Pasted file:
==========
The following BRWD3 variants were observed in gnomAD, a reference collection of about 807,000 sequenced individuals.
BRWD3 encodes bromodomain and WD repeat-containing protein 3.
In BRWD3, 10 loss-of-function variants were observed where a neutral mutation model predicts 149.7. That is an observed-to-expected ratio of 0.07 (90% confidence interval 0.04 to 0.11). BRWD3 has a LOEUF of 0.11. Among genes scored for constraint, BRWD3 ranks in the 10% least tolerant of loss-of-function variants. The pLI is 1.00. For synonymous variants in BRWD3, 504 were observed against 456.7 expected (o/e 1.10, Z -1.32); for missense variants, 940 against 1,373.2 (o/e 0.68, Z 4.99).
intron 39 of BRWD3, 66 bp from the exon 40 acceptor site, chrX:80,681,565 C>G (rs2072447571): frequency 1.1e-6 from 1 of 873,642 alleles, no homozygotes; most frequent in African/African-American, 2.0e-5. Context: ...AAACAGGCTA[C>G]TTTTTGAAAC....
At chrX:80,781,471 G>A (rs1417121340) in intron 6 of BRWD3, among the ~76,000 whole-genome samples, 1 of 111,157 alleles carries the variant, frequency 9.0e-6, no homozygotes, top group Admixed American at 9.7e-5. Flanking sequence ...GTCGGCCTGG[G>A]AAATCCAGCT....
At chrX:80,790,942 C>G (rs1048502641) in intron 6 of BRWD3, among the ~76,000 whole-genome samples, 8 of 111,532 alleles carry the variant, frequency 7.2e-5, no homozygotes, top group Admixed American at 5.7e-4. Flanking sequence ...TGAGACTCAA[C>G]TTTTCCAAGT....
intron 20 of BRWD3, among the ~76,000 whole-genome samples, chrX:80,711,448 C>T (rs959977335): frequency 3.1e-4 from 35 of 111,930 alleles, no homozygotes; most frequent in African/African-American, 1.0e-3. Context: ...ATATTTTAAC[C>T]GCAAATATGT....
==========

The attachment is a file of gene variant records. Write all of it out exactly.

The following BRWD3 variants were observed in gnomAD, a reference collection of about 807,000 sequenced individuals.
BRWD3 encodes bromodomain and WD repeat-containing protein 3.
In BRWD3, 10 loss-of-function variants were observed where a neutral mutation model predicts 149.7. That is an observed-to-expected ratio of 0.07 (90% confidence interval 0.04 to 0.11). BRWD3 has a LOEUF of 0.11. Among genes scored for constraint, BRWD3 ranks in the 10% least tolerant of loss-of-function variants. The pLI is 1.00. For synonymous variants in BRWD3, 504 were observed against 456.7 expected (o/e 1.10, Z -1.32); for missense variants, 940 against 1,373.2 (o/e 0.68, Z 4.99).
intron 39 of BRWD3, 66 bp from the exon 40 acceptor site, chrX:80,681,565 C>G (rs2072447571): frequency 1.1e-6 from 1 of 873,642 alleles, no homozygotes; most frequent in African/African-American, 2.0e-5. Context: ...AAACAGGCTA[C>G]TTTTTGAAAC....
At chrX:80,781,471 G>A (rs1417121340) in intron 6 of BRWD3, among the ~76,000 whole-genome samples, 1 of 111,157 alleles carries the variant, frequency 9.0e-6, no homozygotes, top group Admixed American at 9.7e-5. Flanking sequence ...GTCGGCCTGG[G>A]AAATCCAGCT....
At chrX:80,790,942 C>G (rs1048502641) in intron 6 of BRWD3, among the ~76,000 whole-genome samples, 8 of 111,532 alleles carry the variant, frequency 7.2e-5, no homozygotes, top group Admixed American at 5.7e-4. Flanking sequence ...TGAGACTCAA[C>G]TTTTCCAAGT....
intron 20 of BRWD3, among the ~76,000 whole-genome samples, chrX:80,711,448 C>T (rs959977335): frequency 3.1e-4 from 35 of 111,930 alleles, no homozygotes; most frequent in African/African-American, 1.0e-3. Context: ...ATATTTTAAC[C>T]GCAAATATGT....